In turn, there is growing concern over judicial activism because the judiciary is non-representative and because it tends to tread on the toes of the executive and legislative branches. Some scholars even dismiss such activism as populism, and a mere attempt to refurbish the Court’s image after it was complicit in the government’s 1975-1977 state of emergency declaration. The Supreme Court has adopted a pro-active stance in part because the agenda of contemporary civil society mobilisation is self-limiting. Social movements that demand a radical restructuring of power relations have just not fetched the required response from the judiciary. Nor has the Court enunciated a comprehensive doctrine of social rights – a la the South African judiciary.

In the late 1990s, a number of civil society organisations perceptibly shifted their strategy – from opposing and critically engaging with the state, to advocating and partnering with the state. The number and influence of groups that have opted for this strategy has increased over time, and many of them advise political parties on electoral agendas. Leaders of some campaigns have been incorporated into the National Advisory Council, headed by Ms. Sonia Gandhi, president of the Congress Party. The NAC has proven instrumental in the passage of several laws, but such legislation from above breeds its own problems. For instance, NAC membership has become a benchmark of the success of civil society organisations. One can hardly expect civil society to take on the state, when all it wants is to become a state-financed member of the club. It’s not surprising that the system remains in place, and that remedies for the symptoms of a deeper malaise do not evolve.

It partnership agreements with the state tend to blunt the edge of civil society activism, their campaign strategies are hardly conducive to transformative social change. Campaigns for the delivery of social goods have not attained the stature of social movements, which speak back to history and mobilise people, make them aware of their rights, and enable them to develop agency by participating in struggles to realise what is their due. Leaders are normally middle-class intellectuals, many of whom are active in the World Social Forum. They have been involved in setting up non-governmental organizations and have access to sources of major funding. NGOs prefer to network with other organizations, call upon like-minded individuals to sign petitions, reach out to the state and society through the media, persuade government officials, and draft legislation. This hardly helps people to speak for themselves.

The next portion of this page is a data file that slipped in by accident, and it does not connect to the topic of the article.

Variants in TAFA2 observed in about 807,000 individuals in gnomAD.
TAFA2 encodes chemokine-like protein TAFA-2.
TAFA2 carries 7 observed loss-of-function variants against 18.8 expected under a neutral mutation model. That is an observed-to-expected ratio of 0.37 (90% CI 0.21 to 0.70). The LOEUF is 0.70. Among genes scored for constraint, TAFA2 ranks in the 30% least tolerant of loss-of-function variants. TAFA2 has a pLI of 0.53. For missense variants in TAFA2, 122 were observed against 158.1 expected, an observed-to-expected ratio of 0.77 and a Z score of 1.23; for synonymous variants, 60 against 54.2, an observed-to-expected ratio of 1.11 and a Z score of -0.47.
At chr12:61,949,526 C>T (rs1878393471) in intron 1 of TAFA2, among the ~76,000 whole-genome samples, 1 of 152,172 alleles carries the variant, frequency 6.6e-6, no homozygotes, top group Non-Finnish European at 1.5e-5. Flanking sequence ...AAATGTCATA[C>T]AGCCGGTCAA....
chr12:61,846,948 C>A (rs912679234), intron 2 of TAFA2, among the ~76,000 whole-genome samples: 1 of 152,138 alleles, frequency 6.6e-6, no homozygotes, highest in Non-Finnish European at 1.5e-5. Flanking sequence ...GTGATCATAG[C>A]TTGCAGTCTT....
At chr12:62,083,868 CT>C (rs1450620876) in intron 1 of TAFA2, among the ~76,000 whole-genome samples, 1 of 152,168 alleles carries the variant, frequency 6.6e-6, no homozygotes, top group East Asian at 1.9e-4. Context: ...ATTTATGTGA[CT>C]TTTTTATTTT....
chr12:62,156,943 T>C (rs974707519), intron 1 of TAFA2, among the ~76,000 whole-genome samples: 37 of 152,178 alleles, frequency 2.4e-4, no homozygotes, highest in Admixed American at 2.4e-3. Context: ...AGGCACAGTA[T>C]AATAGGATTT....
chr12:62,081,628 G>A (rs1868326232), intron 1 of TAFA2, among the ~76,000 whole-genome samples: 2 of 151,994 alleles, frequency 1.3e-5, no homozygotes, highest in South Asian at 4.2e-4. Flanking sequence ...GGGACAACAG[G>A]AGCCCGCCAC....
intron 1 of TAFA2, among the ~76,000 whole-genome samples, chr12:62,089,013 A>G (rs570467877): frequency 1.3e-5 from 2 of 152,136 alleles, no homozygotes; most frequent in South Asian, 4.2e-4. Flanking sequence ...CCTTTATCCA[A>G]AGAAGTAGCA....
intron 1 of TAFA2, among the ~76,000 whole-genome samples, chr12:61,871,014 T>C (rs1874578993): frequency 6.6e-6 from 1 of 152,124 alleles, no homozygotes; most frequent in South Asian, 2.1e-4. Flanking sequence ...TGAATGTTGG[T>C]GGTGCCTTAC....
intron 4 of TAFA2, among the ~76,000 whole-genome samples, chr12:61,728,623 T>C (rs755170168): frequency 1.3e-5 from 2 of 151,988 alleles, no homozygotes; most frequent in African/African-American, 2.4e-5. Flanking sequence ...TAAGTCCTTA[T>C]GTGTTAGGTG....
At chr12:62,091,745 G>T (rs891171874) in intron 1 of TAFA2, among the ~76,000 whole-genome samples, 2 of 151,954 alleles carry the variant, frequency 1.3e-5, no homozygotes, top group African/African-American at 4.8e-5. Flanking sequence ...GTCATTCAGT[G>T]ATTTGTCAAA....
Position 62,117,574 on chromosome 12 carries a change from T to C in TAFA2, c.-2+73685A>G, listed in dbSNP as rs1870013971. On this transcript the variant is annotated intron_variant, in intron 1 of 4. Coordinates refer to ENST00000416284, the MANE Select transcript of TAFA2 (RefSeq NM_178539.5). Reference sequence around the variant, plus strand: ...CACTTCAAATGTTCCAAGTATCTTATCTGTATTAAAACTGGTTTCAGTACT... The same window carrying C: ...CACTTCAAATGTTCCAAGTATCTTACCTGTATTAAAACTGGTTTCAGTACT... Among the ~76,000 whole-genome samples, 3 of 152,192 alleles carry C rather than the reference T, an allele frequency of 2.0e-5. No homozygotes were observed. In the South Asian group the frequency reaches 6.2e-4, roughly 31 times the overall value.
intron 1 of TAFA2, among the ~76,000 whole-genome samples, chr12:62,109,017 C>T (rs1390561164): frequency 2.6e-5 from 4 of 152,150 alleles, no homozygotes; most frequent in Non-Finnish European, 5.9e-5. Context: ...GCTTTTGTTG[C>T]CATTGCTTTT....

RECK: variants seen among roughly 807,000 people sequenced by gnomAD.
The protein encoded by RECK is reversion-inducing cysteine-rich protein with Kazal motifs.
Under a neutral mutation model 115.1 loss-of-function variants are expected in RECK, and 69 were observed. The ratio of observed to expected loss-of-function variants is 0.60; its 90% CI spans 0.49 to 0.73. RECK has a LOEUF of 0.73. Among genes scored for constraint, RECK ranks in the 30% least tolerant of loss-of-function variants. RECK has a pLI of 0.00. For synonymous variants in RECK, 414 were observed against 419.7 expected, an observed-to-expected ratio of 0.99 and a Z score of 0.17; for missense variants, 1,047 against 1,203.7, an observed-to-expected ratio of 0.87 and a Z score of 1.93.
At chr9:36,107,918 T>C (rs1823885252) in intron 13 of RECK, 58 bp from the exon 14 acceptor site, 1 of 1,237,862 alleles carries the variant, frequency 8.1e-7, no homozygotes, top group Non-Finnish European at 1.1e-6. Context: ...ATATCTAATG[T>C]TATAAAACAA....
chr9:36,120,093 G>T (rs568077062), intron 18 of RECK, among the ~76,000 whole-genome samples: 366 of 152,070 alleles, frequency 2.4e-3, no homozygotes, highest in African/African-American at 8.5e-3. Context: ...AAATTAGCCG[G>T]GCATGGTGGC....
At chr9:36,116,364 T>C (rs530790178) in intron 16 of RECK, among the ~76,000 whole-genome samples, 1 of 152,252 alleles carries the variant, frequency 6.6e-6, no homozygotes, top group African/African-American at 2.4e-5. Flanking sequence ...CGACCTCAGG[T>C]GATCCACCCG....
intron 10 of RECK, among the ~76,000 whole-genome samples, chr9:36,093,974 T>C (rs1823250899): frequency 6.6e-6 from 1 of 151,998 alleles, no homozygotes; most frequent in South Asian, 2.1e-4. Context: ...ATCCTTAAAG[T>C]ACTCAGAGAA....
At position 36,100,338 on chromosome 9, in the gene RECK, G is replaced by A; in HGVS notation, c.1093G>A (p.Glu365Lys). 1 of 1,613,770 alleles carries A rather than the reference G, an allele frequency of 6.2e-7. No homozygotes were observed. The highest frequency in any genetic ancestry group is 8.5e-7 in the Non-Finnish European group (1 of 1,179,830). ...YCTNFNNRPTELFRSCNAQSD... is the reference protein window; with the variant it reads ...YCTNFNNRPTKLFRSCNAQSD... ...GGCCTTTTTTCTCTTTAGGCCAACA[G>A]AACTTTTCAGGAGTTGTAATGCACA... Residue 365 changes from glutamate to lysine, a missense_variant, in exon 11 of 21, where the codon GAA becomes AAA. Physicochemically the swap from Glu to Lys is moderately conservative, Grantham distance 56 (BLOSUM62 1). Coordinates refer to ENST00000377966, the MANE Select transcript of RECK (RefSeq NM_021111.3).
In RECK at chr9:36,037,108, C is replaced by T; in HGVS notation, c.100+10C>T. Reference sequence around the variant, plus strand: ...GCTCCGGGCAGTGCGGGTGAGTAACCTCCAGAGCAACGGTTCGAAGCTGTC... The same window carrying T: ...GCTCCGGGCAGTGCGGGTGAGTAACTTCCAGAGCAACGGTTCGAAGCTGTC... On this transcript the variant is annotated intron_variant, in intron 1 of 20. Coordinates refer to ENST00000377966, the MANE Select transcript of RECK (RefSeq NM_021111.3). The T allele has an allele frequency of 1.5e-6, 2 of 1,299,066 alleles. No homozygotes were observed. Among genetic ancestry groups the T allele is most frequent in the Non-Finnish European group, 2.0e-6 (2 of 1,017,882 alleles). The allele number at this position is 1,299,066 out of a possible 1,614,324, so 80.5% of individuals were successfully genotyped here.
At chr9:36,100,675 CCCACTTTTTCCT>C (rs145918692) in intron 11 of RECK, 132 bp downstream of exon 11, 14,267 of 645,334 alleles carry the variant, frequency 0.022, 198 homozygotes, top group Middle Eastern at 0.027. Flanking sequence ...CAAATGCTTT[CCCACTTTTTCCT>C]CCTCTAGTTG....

Finally, unlike social movements based on large-scale mobilisation, civil society campaigns typically do not address the source of powerlessness and helplessness, as evidenced by skewed income patterns. In contrast to movements that demand a shake-up of power relations, campaigns for the delivery of social goods concentrate on specific issues and leave the big story untouched – the huge inequalities of resources, for instance.  Though they have managed to highlight issues of impoverishment, ill health and illiteracy, none of these efforts has really addressed resource inequality. These campaigns do not pursue the large and expansive dreams of generations of social activists: Rework the existing power structures and forge new and equitable structures of social relations so that citizens can participate in the political process as equals. They concentrate instead on the necessities of everyday life. The outcome is predictable. The vocabulary that emanates from the corridors of power is that of inclusion and governance, not that of releasing the energy of the people through the exercise of rights, and of achieving equality rather than mere sufficiency.

These campaigns would rather ensure that the state delivers on what it has promised in theory: that policy be implemented effectively, that local authorities be made accountable, that the functioning of the government be made public and transparent, that midday meals be provided to children in primary schools, that the poor get jobs for at least 100 days a year, and that children are brought into school. The quality of life for the ordinary Indian just may improve somewhat, but none of this ensures a transition to freedom.

While India and other BRICS members seek a more powerful place on the world stage, they cannot afford to neglect their problems at home. For now it seems the issue of inequality will continue to dodge collective life in India.